That call was made by developer Michael O’Flynn at last week’s Cork County Council ‘Let’s Grow Cork Together’ business briefing on Metropolitan Cork’s development strategy to 2050.
However, even as County Manager Tim Lucey warned that there was only enough zoned and serviced land with infrastructure in place for 18 months of much-needed housing supply, builder Michael O’Flynn said a lot of it will come in time ..but it won’t come immediately.
“I’d contend it is much less than that, because a lot of the land in that year-and-a-half supply that you have given is not marketable at this point in time, so it’s not viable, really.”
The housing shortage was impacting on jobs and future FDI arrivals, said Mr O’Flynn, noting that the Cork region had special outside funding issues for infrastructure to accommodate forecast growth, and he expressed regret that Budget 2017 didn’t tackle VAT on new homes to boost supply and affordability.
Welcoming Cork Co Council CEO Tim’s Lucey’s comments on optional zoning initiatives at County Hall’s breakfast briefing, Mr O’Flynn said, “I think preference should be given to those who build houses when it comes to optional zoning and opportunities.
"Because, if we are going to go into the situation that people see Cork as a speculative scenario — and this has happened in Dublin recently — we cannot have the situation where people are going to buy land, get zoning and then sell it on to us. That means we’d be charging more for housing than we should.
“It’s all about the cost base. Unfortunately we didn’t get VAT and things dealt with but at least if we can get a supply of land here at a reasonable rate we can sell houses more cheaply.
"And I would ask the council and the councillors and the executive here to give special attention to those who actually build houses as distinct from from those who’d add value onto land.”
CEO Tim Lucey said the council had a good interaction with builders through the Cork Development Forum, and with the CIF, agreeing “we don’t want to get to a situation in Cork where the purchase of lands from a development perspective are held and held and sat and sat,” but he admitted the Council couldn’t control the market in land sales.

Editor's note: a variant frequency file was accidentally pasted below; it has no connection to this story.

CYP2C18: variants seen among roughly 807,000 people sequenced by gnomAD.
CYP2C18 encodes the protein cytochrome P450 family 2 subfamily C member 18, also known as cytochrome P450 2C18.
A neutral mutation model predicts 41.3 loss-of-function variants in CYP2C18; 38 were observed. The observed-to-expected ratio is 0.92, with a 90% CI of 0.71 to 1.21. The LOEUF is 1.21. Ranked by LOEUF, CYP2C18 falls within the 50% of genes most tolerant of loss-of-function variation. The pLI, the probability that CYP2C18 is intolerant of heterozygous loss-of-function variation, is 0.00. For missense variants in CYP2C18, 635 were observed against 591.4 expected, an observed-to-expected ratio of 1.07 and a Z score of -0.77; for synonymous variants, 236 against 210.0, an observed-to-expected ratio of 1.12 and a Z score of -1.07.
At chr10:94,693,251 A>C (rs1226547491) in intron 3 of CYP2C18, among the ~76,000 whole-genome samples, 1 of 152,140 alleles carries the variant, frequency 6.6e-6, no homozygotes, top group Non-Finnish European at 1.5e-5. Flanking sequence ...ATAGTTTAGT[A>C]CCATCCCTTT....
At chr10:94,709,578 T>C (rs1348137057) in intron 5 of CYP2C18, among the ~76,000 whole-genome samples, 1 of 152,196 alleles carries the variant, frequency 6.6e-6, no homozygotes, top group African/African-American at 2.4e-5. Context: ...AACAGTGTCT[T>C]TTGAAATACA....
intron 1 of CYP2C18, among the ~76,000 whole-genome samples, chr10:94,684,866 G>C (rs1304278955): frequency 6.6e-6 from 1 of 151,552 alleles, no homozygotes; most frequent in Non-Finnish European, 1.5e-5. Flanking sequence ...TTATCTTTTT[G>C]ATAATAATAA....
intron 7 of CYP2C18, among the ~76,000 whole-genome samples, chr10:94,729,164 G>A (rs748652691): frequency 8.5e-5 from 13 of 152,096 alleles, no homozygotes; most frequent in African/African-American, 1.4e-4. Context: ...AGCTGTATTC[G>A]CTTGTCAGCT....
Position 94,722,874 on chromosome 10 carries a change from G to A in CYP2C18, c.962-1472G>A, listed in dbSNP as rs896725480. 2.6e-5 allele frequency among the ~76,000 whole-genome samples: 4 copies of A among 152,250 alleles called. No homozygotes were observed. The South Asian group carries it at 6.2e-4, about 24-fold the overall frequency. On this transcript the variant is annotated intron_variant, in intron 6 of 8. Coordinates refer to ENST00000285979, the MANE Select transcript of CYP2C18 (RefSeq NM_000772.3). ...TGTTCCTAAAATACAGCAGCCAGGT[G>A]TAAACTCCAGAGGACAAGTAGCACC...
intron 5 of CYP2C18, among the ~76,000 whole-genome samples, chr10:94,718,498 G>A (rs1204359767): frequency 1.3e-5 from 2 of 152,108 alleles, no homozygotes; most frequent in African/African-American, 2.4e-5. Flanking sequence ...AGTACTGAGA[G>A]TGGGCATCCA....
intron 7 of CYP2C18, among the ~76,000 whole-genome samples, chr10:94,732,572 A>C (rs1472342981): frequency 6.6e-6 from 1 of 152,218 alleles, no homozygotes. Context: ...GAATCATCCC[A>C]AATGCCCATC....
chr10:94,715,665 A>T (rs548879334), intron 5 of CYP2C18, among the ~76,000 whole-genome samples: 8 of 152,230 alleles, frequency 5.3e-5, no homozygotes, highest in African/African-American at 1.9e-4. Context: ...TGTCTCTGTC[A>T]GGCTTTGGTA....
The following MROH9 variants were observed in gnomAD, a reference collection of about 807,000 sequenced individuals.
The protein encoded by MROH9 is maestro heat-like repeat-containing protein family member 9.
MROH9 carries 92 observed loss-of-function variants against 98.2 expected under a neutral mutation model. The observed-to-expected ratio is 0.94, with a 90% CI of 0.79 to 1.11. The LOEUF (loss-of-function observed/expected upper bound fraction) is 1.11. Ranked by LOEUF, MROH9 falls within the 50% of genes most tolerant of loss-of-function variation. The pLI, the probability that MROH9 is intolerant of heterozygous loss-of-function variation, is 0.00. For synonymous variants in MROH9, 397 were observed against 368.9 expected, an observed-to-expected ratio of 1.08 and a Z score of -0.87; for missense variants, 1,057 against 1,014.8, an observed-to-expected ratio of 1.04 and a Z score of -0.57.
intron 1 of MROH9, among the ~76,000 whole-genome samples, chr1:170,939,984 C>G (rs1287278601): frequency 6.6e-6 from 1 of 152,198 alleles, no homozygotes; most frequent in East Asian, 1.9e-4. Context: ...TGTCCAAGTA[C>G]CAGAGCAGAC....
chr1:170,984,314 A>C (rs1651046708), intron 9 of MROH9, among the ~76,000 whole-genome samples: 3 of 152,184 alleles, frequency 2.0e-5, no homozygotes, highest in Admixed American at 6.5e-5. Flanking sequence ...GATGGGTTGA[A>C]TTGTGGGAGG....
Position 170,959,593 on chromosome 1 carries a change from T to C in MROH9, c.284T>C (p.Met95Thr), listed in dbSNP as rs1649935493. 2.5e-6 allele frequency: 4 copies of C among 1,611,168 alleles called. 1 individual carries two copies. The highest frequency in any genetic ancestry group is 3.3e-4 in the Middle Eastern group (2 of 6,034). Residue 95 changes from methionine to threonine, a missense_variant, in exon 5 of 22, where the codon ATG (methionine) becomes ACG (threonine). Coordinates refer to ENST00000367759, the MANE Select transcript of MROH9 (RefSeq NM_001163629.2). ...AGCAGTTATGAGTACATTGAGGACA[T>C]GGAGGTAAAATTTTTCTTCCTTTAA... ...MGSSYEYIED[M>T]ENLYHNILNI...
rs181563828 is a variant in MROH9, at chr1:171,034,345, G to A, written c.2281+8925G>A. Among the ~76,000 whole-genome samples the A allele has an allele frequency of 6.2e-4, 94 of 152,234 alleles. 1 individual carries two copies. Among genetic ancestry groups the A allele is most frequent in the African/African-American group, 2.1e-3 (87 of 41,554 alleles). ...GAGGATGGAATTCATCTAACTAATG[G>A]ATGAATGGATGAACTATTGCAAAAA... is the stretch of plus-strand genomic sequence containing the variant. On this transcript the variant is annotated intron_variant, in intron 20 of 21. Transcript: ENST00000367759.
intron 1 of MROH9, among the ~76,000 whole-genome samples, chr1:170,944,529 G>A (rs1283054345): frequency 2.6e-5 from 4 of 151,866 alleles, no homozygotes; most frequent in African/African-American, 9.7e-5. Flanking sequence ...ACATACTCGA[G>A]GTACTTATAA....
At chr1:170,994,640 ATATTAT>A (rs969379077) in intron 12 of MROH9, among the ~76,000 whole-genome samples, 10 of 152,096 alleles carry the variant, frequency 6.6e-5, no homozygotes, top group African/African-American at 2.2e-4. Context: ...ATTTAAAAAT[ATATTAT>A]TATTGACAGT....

However, Mr Lucey added “if people who have land and want to build houses, and if they are capable of being served and if they are not outrageous in terms of where they are located and if we think we can get them through the planning permission I think can assure you that that will be the mantra from Cork County Council.”
Meanwhile, development land sales in the third quarter of 2016 in Cork reached €27 million, up from €18m from the same Q3 period in 2015 but activity was “moderately down compared to previous quarters,” according to a survey published by Cushman and Wakefield.
Nationally, development land sales to the end of September amounted to €485 million, across 136 sites in the Greater Dublin Area (which accounted for €450m in sales, across 99 sites), as well as in Cork, Galway and Limerick.
This was up from to €395 million across 100 sites in the same period for 2015 “representing positive growth, both in terms of the value and volume of sites sold,” said the Cushman and Wakefield study, adding the ‘sale agreed’ pipeline was also strong for the four cities, at over €250 million to end Q3.
“It is worth noting that the performance of the development land market in Cork, Galway and Limerick this year has continued to be hampered by limited supply, while demand for prime residential land in particular has continued to strengthen,” said Rory Breen of Cushman Wakefield, stating “the supply of large scale residential and commercial land for sale remains a key challenge in the market.
"In terms of Budget 2017, the effect on land pricing will be negligible, although it may bring some sites on the market by virtue of the improved capabilities of first-time buyers.”